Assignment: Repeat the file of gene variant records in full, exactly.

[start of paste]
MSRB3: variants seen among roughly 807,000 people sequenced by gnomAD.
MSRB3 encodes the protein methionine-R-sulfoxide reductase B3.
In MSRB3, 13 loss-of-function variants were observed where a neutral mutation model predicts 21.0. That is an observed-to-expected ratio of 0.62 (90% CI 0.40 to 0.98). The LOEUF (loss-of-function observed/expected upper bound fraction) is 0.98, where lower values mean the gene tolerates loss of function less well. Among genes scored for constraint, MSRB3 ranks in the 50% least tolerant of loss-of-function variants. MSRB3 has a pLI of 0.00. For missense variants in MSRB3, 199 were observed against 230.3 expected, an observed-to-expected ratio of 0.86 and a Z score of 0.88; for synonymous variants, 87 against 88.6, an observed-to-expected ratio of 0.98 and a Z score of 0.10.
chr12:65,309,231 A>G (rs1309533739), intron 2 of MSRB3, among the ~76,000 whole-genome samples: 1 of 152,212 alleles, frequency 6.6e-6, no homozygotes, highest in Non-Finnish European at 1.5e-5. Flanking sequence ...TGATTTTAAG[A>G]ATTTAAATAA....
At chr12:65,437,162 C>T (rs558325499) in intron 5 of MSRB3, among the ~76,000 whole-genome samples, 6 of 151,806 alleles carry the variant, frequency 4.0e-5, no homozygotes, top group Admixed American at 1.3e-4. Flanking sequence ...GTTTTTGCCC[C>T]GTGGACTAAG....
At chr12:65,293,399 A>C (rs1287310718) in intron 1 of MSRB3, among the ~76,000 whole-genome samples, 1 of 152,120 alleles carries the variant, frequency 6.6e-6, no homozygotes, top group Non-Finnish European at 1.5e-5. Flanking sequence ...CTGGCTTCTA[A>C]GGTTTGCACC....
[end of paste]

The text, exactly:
MSRB3: variants seen among roughly 807,000 people sequenced by gnomAD.
MSRB3 encodes the protein methionine-R-sulfoxide reductase B3.
In MSRB3, 13 loss-of-function variants were observed where a neutral mutation model predicts 21.0. That is an observed-to-expected ratio of 0.62 (90% CI 0.40 to 0.98). The LOEUF (loss-of-function observed/expected upper bound fraction) is 0.98, where lower values mean the gene tolerates loss of function less well. Among genes scored for constraint, MSRB3 ranks in the 50% least tolerant of loss-of-function variants. MSRB3 has a pLI of 0.00. For missense variants in MSRB3, 199 were observed against 230.3 expected, an observed-to-expected ratio of 0.86 and a Z score of 0.88; for synonymous variants, 87 against 88.6, an observed-to-expected ratio of 0.98 and a Z score of 0.10.
chr12:65,309,231 A>G (rs1309533739), intron 2 of MSRB3, among the ~76,000 whole-genome samples: 1 of 152,212 alleles, frequency 6.6e-6, no homozygotes, highest in Non-Finnish European at 1.5e-5. Flanking sequence ...TGATTTTAAG[A>G]ATTTAAATAA....
At chr12:65,437,162 C>T (rs558325499) in intron 5 of MSRB3, among the ~76,000 whole-genome samples, 6 of 151,806 alleles carry the variant, frequency 4.0e-5, no homozygotes, top group Admixed American at 1.3e-4. Flanking sequence ...GTTTTTGCCC[C>T]GTGGACTAAG....
At chr12:65,293,399 A>C (rs1287310718) in intron 1 of MSRB3, among the ~76,000 whole-genome samples, 1 of 152,120 alleles carries the variant, frequency 6.6e-6, no homozygotes, top group Non-Finnish European at 1.5e-5. Flanking sequence ...CTGGCTTCTA[A>C]GGTTTGCACC....